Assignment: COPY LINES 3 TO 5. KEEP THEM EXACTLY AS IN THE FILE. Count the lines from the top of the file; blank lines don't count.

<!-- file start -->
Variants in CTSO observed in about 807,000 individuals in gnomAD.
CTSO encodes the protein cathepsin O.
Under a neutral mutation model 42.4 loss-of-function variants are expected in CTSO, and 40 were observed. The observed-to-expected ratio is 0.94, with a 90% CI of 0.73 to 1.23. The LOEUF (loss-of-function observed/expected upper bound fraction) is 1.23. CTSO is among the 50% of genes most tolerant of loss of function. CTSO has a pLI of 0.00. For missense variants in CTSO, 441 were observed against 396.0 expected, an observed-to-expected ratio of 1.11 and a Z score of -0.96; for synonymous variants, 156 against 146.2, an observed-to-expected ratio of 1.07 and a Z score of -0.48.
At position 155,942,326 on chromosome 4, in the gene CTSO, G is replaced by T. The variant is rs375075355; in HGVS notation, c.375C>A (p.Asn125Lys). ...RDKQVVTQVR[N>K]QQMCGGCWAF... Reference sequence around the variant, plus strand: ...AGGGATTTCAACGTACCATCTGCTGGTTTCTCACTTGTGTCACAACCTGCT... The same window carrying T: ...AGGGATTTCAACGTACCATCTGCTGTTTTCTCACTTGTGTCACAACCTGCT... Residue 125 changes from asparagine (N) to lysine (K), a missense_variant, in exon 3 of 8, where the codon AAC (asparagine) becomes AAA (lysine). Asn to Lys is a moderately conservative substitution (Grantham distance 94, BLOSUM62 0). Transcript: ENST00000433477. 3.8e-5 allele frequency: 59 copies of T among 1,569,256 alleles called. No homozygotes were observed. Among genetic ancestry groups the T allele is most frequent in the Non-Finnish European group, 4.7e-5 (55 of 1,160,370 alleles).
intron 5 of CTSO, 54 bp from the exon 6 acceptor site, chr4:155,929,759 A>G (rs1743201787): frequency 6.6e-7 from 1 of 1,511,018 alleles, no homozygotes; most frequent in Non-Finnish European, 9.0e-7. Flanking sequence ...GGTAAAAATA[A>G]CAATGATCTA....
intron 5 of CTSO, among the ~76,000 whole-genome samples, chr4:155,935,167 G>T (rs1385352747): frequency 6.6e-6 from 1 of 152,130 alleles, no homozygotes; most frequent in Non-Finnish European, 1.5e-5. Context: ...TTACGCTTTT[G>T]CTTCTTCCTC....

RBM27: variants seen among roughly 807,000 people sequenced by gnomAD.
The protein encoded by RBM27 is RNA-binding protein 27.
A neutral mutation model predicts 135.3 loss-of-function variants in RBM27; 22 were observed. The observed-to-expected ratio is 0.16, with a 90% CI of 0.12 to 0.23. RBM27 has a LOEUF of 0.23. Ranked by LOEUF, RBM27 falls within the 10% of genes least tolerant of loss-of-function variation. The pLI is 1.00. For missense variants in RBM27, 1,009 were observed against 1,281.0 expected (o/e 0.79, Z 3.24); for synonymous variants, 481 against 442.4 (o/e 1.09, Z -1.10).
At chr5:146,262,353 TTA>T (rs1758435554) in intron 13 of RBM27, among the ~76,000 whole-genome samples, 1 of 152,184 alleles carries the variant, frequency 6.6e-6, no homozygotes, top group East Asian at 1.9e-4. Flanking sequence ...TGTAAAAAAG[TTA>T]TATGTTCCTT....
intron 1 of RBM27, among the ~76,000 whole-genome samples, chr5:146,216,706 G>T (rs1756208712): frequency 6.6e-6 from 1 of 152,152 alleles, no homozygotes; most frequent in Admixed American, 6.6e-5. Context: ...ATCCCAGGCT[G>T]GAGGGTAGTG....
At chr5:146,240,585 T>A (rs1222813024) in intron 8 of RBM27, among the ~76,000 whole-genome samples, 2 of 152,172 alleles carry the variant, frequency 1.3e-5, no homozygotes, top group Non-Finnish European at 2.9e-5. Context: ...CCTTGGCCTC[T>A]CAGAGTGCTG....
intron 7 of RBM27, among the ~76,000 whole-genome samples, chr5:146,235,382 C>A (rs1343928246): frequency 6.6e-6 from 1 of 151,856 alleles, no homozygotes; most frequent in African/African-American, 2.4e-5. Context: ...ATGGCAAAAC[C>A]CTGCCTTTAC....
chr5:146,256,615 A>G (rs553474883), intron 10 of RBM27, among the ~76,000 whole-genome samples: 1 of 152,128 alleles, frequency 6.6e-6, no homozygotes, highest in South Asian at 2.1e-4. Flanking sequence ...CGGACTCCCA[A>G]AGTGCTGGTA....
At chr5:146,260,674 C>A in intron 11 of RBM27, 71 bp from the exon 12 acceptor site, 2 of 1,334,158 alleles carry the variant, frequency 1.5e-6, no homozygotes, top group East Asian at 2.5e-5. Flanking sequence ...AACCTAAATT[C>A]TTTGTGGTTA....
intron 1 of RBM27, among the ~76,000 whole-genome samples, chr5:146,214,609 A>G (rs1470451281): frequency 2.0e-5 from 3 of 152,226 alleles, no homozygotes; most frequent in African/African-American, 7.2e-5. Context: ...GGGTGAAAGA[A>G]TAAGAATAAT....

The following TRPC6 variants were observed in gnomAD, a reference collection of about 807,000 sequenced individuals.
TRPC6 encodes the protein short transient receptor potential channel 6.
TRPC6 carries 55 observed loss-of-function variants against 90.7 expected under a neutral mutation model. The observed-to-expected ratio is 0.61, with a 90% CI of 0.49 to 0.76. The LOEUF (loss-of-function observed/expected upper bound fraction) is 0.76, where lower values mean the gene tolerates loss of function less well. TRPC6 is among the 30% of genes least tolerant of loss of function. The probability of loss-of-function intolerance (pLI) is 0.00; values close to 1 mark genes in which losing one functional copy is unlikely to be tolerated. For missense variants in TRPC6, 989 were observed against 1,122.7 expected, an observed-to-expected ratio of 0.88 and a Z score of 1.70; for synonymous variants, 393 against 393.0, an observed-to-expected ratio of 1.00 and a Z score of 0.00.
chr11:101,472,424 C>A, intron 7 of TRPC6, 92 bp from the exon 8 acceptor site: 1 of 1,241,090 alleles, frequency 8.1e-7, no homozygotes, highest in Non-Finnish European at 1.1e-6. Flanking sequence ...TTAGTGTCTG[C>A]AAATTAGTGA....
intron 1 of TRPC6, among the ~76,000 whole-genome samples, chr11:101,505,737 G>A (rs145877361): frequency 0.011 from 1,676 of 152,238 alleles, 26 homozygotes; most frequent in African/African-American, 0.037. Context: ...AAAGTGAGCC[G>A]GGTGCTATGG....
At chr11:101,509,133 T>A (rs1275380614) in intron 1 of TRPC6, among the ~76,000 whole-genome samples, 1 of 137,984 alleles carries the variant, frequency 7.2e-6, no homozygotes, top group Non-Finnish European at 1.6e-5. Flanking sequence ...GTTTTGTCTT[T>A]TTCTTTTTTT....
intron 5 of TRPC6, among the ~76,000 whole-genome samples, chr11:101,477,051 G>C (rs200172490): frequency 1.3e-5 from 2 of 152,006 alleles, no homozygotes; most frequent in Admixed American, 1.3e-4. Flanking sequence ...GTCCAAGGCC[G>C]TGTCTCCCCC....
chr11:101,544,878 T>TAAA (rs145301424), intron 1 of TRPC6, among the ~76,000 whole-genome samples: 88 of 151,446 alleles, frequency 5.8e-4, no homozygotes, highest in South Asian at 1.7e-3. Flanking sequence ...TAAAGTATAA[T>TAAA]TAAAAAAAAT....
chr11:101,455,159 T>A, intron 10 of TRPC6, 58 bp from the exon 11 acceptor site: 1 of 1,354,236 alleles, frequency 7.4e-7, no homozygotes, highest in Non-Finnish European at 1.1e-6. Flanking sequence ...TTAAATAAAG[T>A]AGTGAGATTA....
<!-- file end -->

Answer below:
Under a neutral mutation model 42.4 loss-of-function variants are expected in CTSO, and 40 were observed. The observed-to-expected ratio is 0.94, with a 90% CI of 0.73 to 1.23. The LOEUF (loss-of-function observed/expected upper bound fraction) is 1.23. CTSO is among the 50% of genes most tolerant of loss of function. CTSO has a pLI of 0.00. For missense variants in CTSO, 441 were observed against 396.0 expected, an observed-to-expected ratio of 1.11 and a Z score of -0.96; for synonymous variants, 156 against 146.2, an observed-to-expected ratio of 1.07 and a Z score of -0.48.
At position 155,942,326 on chromosome 4, in the gene CTSO, G is replaced by T. The variant is rs375075355; in HGVS notation, c.375C>A (p.Asn125Lys). ...RDKQVVTQVR[N>K]QQMCGGCWAF... Reference sequence around the variant, plus strand: ...AGGGATTTCAACGTACCATCTGCTGGTTTCTCACTTGTGTCACAACCTGCT... The same window carrying T: ...AGGGATTTCAACGTACCATCTGCTGTTTTCTCACTTGTGTCACAACCTGCT... Residue 125 changes from asparagine (N) to lysine (K), a missense_variant, in exon 3 of 8, where the codon AAC (asparagine) becomes AAA (lysine). Asn to Lys is a moderately conservative substitution (Grantham distance 94, BLOSUM62 0). Transcript: ENST00000433477. 3.8e-5 allele frequency: 59 copies of T among 1,569,256 alleles called. No homozygotes were observed. Among genetic ancestry groups the T allele is most frequent in the Non-Finnish European group, 4.7e-5 (55 of 1,160,370 alleles).
intron 5 of CTSO, 54 bp from the exon 6 acceptor site, chr4:155,929,759 A>G (rs1743201787): frequency 6.6e-7 from 1 of 1,511,018 alleles, no homozygotes; most frequent in Non-Finnish European, 9.0e-7. Flanking sequence ...GGTAAAAATA[A>G]CAATGATCTA....